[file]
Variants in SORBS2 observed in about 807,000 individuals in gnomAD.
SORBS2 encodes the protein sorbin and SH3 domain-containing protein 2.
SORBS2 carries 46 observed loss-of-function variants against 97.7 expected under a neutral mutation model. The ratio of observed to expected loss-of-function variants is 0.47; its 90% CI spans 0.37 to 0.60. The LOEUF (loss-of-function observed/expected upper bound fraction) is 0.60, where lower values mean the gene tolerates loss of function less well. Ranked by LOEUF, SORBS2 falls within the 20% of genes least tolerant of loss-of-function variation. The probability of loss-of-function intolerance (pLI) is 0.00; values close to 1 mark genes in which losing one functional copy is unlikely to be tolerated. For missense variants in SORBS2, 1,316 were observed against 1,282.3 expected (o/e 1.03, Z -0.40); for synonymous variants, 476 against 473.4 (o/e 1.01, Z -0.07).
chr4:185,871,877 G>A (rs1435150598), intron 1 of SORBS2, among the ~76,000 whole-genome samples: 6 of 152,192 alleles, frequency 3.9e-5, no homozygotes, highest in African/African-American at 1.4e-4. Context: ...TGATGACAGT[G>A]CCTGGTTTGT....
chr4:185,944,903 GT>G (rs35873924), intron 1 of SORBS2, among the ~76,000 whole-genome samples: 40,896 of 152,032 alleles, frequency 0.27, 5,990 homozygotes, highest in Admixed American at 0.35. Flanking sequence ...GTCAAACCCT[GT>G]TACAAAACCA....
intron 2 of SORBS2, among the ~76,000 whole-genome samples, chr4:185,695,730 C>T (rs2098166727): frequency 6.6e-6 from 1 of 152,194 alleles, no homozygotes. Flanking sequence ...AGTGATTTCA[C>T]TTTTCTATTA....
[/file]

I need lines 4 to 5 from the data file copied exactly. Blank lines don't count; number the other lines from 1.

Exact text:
chr4:185,871,877 G>A (rs1435150598), intron 1 of SORBS2, among the ~76,000 whole-genome samples: 6 of 152,192 alleles, frequency 3.9e-5, no homozygotes, highest in African/African-American at 1.4e-4. Context: ...TGATGACAGT[G>A]CCTGGTTTGT....
chr4:185,944,903 GT>G (rs35873924), intron 1 of SORBS2, among the ~76,000 whole-genome samples: 40,896 of 152,032 alleles, frequency 0.27, 5,990 homozygotes, highest in Admixed American at 0.35. Flanking sequence ...GTCAAACCCT[GT>G]TACAAAACCA....